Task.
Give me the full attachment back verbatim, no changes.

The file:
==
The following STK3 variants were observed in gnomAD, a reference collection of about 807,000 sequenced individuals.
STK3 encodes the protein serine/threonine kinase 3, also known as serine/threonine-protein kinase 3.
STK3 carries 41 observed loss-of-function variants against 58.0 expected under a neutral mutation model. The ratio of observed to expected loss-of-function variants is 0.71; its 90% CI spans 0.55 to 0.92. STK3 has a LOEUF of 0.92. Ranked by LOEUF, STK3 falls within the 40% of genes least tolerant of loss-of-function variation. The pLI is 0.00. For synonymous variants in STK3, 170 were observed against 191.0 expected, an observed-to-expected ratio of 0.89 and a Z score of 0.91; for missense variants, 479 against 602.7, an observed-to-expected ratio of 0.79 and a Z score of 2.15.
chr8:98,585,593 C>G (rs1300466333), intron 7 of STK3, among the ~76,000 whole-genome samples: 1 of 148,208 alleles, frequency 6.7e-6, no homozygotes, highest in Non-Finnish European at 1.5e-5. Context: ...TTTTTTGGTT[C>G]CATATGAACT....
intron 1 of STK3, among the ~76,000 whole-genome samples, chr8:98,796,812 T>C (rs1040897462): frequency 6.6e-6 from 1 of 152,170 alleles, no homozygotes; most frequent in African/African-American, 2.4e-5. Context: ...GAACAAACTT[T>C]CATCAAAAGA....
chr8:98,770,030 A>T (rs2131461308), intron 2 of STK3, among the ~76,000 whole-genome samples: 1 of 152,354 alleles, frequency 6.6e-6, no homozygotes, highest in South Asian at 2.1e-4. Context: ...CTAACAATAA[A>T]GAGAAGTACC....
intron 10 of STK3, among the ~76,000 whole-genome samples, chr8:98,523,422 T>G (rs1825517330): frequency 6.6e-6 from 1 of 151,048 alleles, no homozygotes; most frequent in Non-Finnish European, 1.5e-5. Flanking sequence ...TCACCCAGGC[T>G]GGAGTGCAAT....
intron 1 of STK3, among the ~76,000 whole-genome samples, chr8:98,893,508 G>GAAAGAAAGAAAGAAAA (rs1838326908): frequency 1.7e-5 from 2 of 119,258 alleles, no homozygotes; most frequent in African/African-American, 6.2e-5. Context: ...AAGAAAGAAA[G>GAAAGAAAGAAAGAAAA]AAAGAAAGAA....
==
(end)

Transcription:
The following STK3 variants were observed in gnomAD, a reference collection of about 807,000 sequenced individuals.
STK3 encodes the protein serine/threonine kinase 3, also known as serine/threonine-protein kinase 3.
STK3 carries 41 observed loss-of-function variants against 58.0 expected under a neutral mutation model. The ratio of observed to expected loss-of-function variants is 0.71; its 90% CI spans 0.55 to 0.92. STK3 has a LOEUF of 0.92. Ranked by LOEUF, STK3 falls within the 40% of genes least tolerant of loss-of-function variation. The pLI is 0.00. For synonymous variants in STK3, 170 were observed against 191.0 expected, an observed-to-expected ratio of 0.89 and a Z score of 0.91; for missense variants, 479 against 602.7, an observed-to-expected ratio of 0.79 and a Z score of 2.15.
chr8:98,585,593 C>G (rs1300466333), intron 7 of STK3, among the ~76,000 whole-genome samples: 1 of 148,208 alleles, frequency 6.7e-6, no homozygotes, highest in Non-Finnish European at 1.5e-5. Context: ...TTTTTTGGTT[C>G]CATATGAACT....
intron 1 of STK3, among the ~76,000 whole-genome samples, chr8:98,796,812 T>C (rs1040897462): frequency 6.6e-6 from 1 of 152,170 alleles, no homozygotes; most frequent in African/African-American, 2.4e-5. Context: ...GAACAAACTT[T>C]CATCAAAAGA....
chr8:98,770,030 A>T (rs2131461308), intron 2 of STK3, among the ~76,000 whole-genome samples: 1 of 152,354 alleles, frequency 6.6e-6, no homozygotes, highest in South Asian at 2.1e-4. Context: ...CTAACAATAA[A>T]GAGAAGTACC....
intron 10 of STK3, among the ~76,000 whole-genome samples, chr8:98,523,422 T>G (rs1825517330): frequency 6.6e-6 from 1 of 151,048 alleles, no homozygotes; most frequent in Non-Finnish European, 1.5e-5. Flanking sequence ...TCACCCAGGC[T>G]GGAGTGCAAT....
intron 1 of STK3, among the ~76,000 whole-genome samples, chr8:98,893,508 G>GAAAGAAAGAAAGAAAA (rs1838326908): frequency 1.7e-5 from 2 of 119,258 alleles, no homozygotes; most frequent in African/African-American, 6.2e-5. Context: ...AAGAAAGAAA[G>GAAAGAAAGAAAGAAAA]AAAGAAAGAA....